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so the monkey jump is two points inferior on average than the endgame clamp
How about this ? DieterVerhofstadt
unkx80: I shall count the value of the sequence up to , assuming that the territories are defined by the marked stones.
Comparing it with the endgame clamp diagram, White has one extra point of territory but Black has captured one more stone than White.
The value of in this variation is the same as the one shown in the endgame clamp diagram. :)
It's interesting to note that this , which seems more severe, is one point worse, and loses sente!
Black pushing at , instead of , is one more point worse off (If I've read correctly).
DieterVerhofstadt writes: Morten, this is called synchronicity. I was about to make exactly the same comment !
Either Black has sente or there is an extra reduction at a, resulting in a large ko for both or another loss for White.
But White sacrifices a stone. Again: same result, one point worse off and loss of sente.
The sad thing is that I would play this (and similar non-optimal moves) if this were a real-game situation.... The temptation to play something which looks bigger to begin with , although I have a nagging feeling from having seen it in a book or in a game that it is inferior.... is often too big :o(( --MortenPahle
Bill: Most Japanese go books do, too. ;-)
The above is based on an assumption that both parties complete all sequence of play.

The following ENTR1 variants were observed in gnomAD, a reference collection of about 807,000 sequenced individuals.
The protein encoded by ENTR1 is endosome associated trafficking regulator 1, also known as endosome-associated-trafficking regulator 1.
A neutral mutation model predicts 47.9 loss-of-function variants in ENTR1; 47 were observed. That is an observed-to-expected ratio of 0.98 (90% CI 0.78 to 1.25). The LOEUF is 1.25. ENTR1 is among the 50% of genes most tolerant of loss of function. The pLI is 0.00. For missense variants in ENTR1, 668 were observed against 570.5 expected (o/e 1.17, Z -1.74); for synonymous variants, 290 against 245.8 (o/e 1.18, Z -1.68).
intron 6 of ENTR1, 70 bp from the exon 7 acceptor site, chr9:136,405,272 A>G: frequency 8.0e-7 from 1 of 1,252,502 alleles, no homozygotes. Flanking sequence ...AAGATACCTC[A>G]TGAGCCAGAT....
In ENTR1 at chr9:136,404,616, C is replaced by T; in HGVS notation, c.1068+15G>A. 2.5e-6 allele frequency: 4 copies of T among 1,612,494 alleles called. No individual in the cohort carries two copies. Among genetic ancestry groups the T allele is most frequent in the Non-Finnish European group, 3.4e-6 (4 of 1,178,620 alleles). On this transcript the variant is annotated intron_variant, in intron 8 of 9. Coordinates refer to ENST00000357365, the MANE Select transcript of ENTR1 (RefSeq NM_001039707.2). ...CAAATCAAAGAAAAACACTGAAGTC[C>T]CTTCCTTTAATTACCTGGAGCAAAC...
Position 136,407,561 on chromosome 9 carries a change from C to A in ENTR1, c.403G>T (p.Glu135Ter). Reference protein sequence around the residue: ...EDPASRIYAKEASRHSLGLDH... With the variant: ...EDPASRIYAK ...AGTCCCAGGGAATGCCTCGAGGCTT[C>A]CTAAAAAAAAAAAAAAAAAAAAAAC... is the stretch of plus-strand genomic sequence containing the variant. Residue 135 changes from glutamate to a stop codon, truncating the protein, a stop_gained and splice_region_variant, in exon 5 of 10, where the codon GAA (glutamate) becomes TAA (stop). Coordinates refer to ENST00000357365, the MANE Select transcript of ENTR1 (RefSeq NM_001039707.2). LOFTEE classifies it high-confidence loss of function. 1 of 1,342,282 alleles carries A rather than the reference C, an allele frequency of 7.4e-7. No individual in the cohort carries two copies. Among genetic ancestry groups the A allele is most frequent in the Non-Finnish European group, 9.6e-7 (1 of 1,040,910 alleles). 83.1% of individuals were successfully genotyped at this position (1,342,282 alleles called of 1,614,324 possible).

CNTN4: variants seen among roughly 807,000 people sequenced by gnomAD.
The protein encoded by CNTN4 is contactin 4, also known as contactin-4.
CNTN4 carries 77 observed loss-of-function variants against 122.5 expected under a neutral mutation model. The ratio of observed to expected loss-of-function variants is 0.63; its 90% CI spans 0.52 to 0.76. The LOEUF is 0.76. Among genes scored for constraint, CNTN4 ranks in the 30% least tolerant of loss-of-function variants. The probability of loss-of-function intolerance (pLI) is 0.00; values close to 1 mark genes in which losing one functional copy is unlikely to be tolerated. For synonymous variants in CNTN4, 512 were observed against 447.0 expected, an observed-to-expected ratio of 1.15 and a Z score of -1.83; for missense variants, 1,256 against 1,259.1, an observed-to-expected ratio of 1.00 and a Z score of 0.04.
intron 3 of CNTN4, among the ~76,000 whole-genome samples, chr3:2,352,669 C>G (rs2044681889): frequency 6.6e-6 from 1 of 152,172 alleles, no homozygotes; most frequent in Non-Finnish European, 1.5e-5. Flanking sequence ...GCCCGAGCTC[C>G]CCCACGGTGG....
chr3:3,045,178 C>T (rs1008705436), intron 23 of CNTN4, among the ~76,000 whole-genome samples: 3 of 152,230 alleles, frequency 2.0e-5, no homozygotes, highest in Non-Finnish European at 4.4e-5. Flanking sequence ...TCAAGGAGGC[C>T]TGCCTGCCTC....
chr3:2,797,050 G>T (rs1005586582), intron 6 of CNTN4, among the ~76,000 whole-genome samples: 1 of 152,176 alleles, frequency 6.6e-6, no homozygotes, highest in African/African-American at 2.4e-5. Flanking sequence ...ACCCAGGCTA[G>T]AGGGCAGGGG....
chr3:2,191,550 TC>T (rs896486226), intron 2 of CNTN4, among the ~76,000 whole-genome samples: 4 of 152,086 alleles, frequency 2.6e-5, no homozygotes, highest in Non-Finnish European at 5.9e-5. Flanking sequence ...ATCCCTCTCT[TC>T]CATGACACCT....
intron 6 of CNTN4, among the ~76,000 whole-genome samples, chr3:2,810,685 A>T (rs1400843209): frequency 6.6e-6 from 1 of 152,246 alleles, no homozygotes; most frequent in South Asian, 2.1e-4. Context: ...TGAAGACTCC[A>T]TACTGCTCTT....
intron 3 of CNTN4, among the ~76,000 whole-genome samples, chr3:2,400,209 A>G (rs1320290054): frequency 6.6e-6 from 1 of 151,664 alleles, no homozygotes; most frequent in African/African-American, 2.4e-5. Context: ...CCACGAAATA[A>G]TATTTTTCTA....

If playing elsewere is considered, then no one knows who can get sente (at lease in theory). It is because even can be ignored if W can find a bigger value elsewhere to offset the loss of not responding to .
Bill: aLegendWai, you are using the terms, sente and gote in a different sense than they are used on the rest of this page. When we say that a play or position is sente or gote, without reference to other plays, we are using the sense used in evaluating positions and plays. In that sense, the clamp, - , is gote.
There is theory behind this usage, and because of that theory we can predict that correct play will usually be gote for this position.
protects the corner. That reduces the local temperature. White should view the marked stones lightly. Later is sente.
Later the following is Black's sente.
is tesuji. If Black starts with , he loses sente.
MartijnWallage?, 1k: Well, if sente is so important. White can play and then is not sente any more.
But sente can't be so important since in the "Sente" diagram Black doesn't gain anything.
Bill: Indeed, after - , is not sente. In fact, it is an ambiguous move. For evaluation purposes we can treat it as White's sente.
If we compare this with the sente diagram, we see that White is 2/3 of a point worse off here, and - is still sente.
How large is the sente?
If White plays the reverse sente at , now a and b are miai. This position is 2 1/3 point better for White than if Black takes his sente, so the sente is worth 2 1/3 points.
If Black plays gote he picks up only 1 2/3 points.
So if Black does not play his sente, White will play the reverse sente (as a rule). If the ambient temperature is less than 2 1/3, that represents a loss for Black.
tapir: If it ends in gote after the drop in temperatur (with the defending players answer) - is the clamp really better than the monkey jump - which is at least sente? isn't it usually a sequence to be considered en bloque only when temperature temporarily increases during the sequence?
Semper: Quote from Unkx80:
"=== Variation 2
It's interesting to note that this , which seems more severe, is one point worse, and loses sente! "
In both the follow up you played the 3 at either a or b. Why not keep it simple and play using the tesuji:
You'll notice black still has sente. 1 point can be worth still having that, and I didn't quite get that part about playing at b instead of 1. I mean I did, but not how it is worth more.